A report has revealed a blunt message has been delivered to the country’s RSA clubs: change or die.
However, the RSA President says that he does not expect much to change.
A comment as part of an internal report carried out for the organisation is warning RSAs won’t last, unless they can find ways to appeal to young people.
It found many members are concerned about the RSA’s future.
RSA National President Barry Clark told Francesca Rudkin that the RSA's were founded to support veterans returning from wars.
As the populations of small towns have got smaller, many RSA's have had to close, which Clark says is only right.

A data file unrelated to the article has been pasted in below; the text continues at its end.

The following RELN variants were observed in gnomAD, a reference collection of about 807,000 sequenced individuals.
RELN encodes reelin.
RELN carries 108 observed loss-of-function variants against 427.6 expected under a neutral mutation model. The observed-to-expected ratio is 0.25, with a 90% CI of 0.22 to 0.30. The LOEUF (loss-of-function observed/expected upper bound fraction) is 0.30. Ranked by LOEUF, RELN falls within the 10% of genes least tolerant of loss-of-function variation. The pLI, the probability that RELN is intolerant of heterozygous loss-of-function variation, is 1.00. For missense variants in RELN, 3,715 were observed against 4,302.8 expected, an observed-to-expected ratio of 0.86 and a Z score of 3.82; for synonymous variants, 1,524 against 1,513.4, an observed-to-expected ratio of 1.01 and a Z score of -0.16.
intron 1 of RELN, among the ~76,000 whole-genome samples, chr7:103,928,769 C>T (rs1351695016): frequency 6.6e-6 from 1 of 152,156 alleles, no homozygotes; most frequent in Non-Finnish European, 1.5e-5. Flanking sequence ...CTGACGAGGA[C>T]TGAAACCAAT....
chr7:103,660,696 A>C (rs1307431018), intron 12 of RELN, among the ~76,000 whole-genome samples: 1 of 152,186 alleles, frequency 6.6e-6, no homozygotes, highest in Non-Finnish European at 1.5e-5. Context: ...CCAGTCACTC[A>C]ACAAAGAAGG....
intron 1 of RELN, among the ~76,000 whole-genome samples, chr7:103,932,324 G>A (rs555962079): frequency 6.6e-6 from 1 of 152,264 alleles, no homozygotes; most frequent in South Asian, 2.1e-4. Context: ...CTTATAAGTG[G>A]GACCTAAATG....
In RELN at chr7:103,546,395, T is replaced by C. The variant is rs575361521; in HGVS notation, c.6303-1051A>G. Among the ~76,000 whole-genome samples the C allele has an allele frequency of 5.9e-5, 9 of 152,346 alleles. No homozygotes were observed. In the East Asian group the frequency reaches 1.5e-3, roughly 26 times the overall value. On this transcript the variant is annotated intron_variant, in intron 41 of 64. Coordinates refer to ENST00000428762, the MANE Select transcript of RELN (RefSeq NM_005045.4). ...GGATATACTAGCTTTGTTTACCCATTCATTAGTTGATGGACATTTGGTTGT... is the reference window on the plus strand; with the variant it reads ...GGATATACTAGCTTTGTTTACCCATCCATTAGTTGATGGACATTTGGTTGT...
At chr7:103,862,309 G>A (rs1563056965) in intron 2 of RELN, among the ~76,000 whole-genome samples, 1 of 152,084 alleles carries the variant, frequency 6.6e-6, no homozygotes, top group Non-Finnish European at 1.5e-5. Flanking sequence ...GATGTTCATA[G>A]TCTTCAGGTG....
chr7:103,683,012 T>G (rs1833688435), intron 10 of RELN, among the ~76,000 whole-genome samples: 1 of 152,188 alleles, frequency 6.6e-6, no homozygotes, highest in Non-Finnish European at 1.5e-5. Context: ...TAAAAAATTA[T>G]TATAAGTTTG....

"If they are insufficient, they should close down."
Clark says that they are aware of the issues around needing to change and have been looking at how to fix the issue.
However, Clark says that these criticisms aimed at RSAs tend to come from people who react without understanding.
"We have so many committed people around this country who spend hours and hours of their voluntary time, and are committed to travelling miles and miles, to ensure that those who have served receive the support they need."
He says there are over 30,000 people who have served, and they are still going to need support.
"We're going to need to be there to support them."
Clark says they are working with Defence to help young people.
LISTEN TO BARRY CLARK TALK TO FRANCESCA RUDKIN ABOVE